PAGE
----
Michelle Obama Shares Her Story


FILE - In this Oct. 11, 2018 file photo, Michelle Obama participates in the International Day of the Girl on NBC's "Today" show in New York. Oprah Winfrey and Reese Witherspoon will be among the special guests when Michelle Obama goes on tour for her memoir “Becoming.” (Photo by Charles Sykes/Invision/AP, File)
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Michelle Obama revealed she did not think her husband Barack could win the 2008 Presidential election as she ‘didn’t think the country was ready’. The former first lady, 54, spoke about the bruising Presidential campaign her family endured and said she would ‘never forgive’ Donald Trump for questioning the legitimacy of her husband’s birth certificate.

Michelle claimed that her successor Melania Trump hasn’t reached out to her since becoming First Lady in 2015 even though she offered to help her. She made the comments in an exclusive interview with Robin Roberts, which was teased on Good Morning America on Sunday – just two days before the release of her highly-anticipated memoir, Becoming. Asked by Robin Roberts had Melania reached out to her since moving into the White House, she replied: “No, she hasn’t.”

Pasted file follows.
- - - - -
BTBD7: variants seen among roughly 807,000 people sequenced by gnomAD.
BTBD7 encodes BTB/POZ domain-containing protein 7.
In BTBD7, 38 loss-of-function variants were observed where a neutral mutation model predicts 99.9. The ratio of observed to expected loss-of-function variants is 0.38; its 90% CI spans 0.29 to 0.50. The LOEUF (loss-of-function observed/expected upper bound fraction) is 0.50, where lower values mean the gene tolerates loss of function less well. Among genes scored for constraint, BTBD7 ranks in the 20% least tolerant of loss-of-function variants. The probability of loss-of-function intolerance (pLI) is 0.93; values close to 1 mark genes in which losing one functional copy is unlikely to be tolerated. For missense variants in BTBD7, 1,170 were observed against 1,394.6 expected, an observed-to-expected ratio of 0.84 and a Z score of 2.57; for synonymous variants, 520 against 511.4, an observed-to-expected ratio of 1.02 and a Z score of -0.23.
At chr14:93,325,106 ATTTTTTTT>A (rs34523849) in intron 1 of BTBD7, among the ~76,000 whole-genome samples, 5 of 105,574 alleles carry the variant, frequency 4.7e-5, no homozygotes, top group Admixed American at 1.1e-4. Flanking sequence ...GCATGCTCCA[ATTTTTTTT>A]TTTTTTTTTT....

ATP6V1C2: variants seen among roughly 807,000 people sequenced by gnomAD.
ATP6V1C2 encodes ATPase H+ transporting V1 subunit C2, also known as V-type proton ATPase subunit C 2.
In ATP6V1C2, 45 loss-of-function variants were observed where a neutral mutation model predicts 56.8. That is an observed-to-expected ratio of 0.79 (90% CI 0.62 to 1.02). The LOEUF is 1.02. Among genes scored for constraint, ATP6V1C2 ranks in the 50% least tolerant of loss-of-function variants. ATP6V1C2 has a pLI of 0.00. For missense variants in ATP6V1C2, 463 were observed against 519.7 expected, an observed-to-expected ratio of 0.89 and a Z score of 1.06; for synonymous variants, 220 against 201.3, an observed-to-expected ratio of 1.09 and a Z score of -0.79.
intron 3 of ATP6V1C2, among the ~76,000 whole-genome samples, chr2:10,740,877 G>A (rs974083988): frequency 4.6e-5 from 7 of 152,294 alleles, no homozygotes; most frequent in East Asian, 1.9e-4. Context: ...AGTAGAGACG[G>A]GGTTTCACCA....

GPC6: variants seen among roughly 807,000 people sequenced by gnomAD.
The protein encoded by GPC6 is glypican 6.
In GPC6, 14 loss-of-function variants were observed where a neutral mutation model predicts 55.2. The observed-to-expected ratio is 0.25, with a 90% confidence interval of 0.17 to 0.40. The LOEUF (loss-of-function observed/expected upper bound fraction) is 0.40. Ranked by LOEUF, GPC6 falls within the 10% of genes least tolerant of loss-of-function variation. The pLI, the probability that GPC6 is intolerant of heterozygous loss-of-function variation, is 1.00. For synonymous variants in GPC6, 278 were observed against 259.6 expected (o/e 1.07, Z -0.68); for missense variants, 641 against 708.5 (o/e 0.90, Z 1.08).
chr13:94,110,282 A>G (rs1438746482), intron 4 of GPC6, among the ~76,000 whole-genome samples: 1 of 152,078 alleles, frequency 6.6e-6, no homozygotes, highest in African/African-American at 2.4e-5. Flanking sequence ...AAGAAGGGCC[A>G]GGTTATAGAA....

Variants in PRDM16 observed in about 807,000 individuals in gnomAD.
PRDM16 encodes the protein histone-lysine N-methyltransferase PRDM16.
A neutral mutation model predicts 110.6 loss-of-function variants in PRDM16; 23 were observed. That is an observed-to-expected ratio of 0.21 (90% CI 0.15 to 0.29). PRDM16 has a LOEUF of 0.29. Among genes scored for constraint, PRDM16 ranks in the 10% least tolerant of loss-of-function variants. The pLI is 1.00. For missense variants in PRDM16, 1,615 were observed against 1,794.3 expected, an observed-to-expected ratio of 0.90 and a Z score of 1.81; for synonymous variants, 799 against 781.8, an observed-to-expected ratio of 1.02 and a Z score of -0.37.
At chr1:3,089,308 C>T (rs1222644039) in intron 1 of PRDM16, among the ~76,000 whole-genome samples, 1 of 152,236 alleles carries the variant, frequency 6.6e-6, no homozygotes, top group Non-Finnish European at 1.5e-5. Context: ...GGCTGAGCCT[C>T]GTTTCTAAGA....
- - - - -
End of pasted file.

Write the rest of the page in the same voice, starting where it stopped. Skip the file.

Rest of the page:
She also claimed that she and FLOTUS approach their roles in two very different when asked if she thought Melania was doing a good job. She added: “You know, one of the things you learn as a former, it’s, like, I don’t judge, what a current is doing, you know? So I’d prefer not to, you know, speak on what she’s doing versus what I did because I think every first lady approaches this job differently.”

In 2004, Barack Obama was already a rising star when he was asked to speak at the Democratic National Convention. By 2008, after a meteoric rise to fame, the senator announced his candidacy for president. Michelle Obama said that although she had given him her blessing to run, she didn’t think he would win. She told Roberts: “I think I did what a lot of Black folks were doing. We were afraid to hope because it’s hard to believe that the country that oppressed you could one day be led by you, you know? I mean, my grandparents, you know, lived through segregation. My grandfather, his grandfather was a slave, you know? So this, these memories were real. And they didn’t think the country was ready. And, and so my attitude was a reflection of that skepticism.”

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